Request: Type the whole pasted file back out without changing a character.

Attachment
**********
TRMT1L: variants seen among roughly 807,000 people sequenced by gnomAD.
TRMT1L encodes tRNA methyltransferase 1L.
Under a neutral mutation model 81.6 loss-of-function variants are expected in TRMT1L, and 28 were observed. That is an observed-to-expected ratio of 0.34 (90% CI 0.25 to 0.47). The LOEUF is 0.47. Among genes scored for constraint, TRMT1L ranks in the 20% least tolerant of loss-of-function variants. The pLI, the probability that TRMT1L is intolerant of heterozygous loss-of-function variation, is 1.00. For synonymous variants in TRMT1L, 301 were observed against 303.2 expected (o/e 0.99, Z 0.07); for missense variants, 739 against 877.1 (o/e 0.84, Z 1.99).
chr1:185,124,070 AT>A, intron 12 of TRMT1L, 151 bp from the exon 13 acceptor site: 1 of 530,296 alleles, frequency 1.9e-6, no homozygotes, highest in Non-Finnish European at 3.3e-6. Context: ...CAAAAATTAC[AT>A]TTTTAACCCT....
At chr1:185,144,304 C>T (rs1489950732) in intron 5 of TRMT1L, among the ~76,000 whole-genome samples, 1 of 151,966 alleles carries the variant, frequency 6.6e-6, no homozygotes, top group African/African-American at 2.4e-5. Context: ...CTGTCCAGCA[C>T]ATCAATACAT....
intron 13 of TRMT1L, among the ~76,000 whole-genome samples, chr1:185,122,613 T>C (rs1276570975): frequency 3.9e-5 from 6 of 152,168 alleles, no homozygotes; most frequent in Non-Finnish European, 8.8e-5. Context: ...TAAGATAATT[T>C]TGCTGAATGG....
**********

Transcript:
TRMT1L: variants seen among roughly 807,000 people sequenced by gnomAD.
TRMT1L encodes tRNA methyltransferase 1L.
Under a neutral mutation model 81.6 loss-of-function variants are expected in TRMT1L, and 28 were observed. That is an observed-to-expected ratio of 0.34 (90% CI 0.25 to 0.47). The LOEUF is 0.47. Among genes scored for constraint, TRMT1L ranks in the 20% least tolerant of loss-of-function variants. The pLI, the probability that TRMT1L is intolerant of heterozygous loss-of-function variation, is 1.00. For synonymous variants in TRMT1L, 301 were observed against 303.2 expected (o/e 0.99, Z 0.07); for missense variants, 739 against 877.1 (o/e 0.84, Z 1.99).
chr1:185,124,070 AT>A, intron 12 of TRMT1L, 151 bp from the exon 13 acceptor site: 1 of 530,296 alleles, frequency 1.9e-6, no homozygotes, highest in Non-Finnish European at 3.3e-6. Context: ...CAAAAATTAC[AT>A]TTTTAACCCT....
At chr1:185,144,304 C>T (rs1489950732) in intron 5 of TRMT1L, among the ~76,000 whole-genome samples, 1 of 151,966 alleles carries the variant, frequency 6.6e-6, no homozygotes, top group African/African-American at 2.4e-5. Context: ...CTGTCCAGCA[C>T]ATCAATACAT....
intron 13 of TRMT1L, among the ~76,000 whole-genome samples, chr1:185,122,613 T>C (rs1276570975): frequency 3.9e-5 from 6 of 152,168 alleles, no homozygotes; most frequent in Non-Finnish European, 8.8e-5. Context: ...TAAGATAATT[T>C]TGCTGAATGG....